There seem to be two views around here about Sarlat — the largest town near our village of Daglan. One viewpoint is that it’s stylish, with good shopping, nice restaurants, and lots of beautiful buildings, well preserved over the ages. The other view is that its people are somewhat stuffy or snobby, and that Gourdon is a much better destination. For our part, my wife and I are in the first camp, and we visit Sarlat virtually all year ’round (except for the absolute height of the tourist season, when it’s so full of people and traffic you can hardly move).
This morning we headed to Sarlat to check out the sights as Christmas approaches. What follows will be your personal photographic journey through Sarlat’s Village de Noël and a few of its streets, ending with a Michelin-mentioned restaurant that definitely does not get the Radio Free Daglan Seal of Approval.
We start at La Grande Rigaudie, the huge parking lot at the south end of Sarlat’s central shopping (and tourism) district. It’s closed off to parking now, because it’s become the upper part of the two-part Village de Noël. Here it is, with its plane trees well pruned:
Now, for the holiday season, a fairly large ice rink has been installed in the centre of the lot. And it seems to be hugely popular. Here it is in action, with young skaters cleverly wearing bike helmets in case they crack their heads on the ice:
Beyond the ice rink, the stalls have been set up neatly in rows, like this:
And as you can see, each has a specialty for sale.
For instance, beyond the penguin display, there’s a stall where you can buy fish soup and fresh oysters, and even eat them on the spot. It’s here:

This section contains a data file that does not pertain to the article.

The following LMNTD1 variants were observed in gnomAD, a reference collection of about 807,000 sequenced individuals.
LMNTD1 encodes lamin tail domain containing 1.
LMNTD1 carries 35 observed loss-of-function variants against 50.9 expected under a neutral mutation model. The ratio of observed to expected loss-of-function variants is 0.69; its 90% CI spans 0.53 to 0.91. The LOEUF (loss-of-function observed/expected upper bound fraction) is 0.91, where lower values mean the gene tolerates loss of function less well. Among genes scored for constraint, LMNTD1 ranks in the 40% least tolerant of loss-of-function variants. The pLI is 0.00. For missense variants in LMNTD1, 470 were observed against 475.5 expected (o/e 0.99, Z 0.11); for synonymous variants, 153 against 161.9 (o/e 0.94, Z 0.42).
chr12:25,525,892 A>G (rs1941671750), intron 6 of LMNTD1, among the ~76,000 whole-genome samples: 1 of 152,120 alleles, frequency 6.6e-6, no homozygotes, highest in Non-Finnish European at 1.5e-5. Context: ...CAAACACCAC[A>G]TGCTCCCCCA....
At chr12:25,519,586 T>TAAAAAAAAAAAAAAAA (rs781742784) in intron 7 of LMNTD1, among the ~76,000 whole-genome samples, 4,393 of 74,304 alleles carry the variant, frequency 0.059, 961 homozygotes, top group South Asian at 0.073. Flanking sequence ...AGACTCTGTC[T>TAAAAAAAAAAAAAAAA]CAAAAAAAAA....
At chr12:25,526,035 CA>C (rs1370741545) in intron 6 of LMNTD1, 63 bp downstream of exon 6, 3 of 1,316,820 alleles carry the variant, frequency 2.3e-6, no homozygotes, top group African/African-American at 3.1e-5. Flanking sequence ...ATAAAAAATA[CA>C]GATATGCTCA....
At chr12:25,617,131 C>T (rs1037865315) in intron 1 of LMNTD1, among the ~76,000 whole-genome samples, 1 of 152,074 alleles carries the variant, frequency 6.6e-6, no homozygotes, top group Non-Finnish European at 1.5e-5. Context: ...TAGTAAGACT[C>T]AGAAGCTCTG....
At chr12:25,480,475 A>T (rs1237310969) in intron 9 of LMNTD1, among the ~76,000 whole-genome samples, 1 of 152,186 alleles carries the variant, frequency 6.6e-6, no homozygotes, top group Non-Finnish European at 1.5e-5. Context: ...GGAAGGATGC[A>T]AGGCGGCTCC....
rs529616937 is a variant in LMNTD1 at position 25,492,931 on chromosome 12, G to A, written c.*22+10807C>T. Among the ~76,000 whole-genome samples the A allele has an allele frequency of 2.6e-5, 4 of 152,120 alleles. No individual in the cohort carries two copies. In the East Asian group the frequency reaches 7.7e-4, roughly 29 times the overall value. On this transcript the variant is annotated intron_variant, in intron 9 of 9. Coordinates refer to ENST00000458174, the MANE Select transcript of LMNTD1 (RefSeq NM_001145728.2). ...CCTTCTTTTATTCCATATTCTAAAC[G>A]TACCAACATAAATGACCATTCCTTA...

Then there are all kinds of regional specialties. Like fresh-made candies:
And all kinds of sausages:
Of course, here in the Perigord Noir, we must have lots of walnuts. Oh, yes, and knives. Like these:
Of course, this wouldn’t be France if we didn’t have our cheeses. So how about some Saint-Nectaire Fermier — that is, Saint-Nectaire made on the farm instead of in a factory. It’s for sale, you know:
Now we’ve come to the end of the upper level of the Christmas Village, the one that is in the parking lot. Just a few steps below is the other half of the stalls:
Here’s how the entrance to the Village looks, from street-level:
A final look at the stalls in the Village — in this case, one that is selling all kinds of decorations:
Now we leave the Village, and head into the main shopping area of Sarlat, which is primarily for pedestrians. Here’s a view up the street:
And some bright (but artificial) Christmas trees in front of a pricey perfume shop in Sarlat:
In a shop that sells a wide range of soaps, cosmetics, bath oils and so on, we found this lovely (real) Christmas tree:
To end our tour, we had the one disappointment of our visit to Sarlat. After touring the Village de Noël, it was time for lunch, and we decided to try a new spot — one that is recommended in the latest issue of Michelin’s Guide rouge (for hotels and restaurants). Rossignol (15, rue Fénelon) is awarded one couvert (or place setting) by Michelin, which is the same rating given Le Bistro de l’Octroi in Sarlat (where my wife and I have eaten often). We had often walked past Rossignol, and always had declined to enter because it simply looked too plain, lacking in warmth.
This was a case where our instincts were right. The food was certainly acceptable — my wife started with a fish soup, and then had monkfish, while I had a huge cassoulet. But it definitely lacked elegance, as you’ll see from this look at my dish of beans and meat:
I could waste a lot of words with a critique of the food and the restaurant, but I don’t think it’s worth the effort. It just goes to show you that it’s sometimes better to trust your instincts than to follow a source blindly, even a source as trusted as Michelin.
As for the rest of the afternoon, let’s just say that visions of Pepto-Bismol danced in our heads.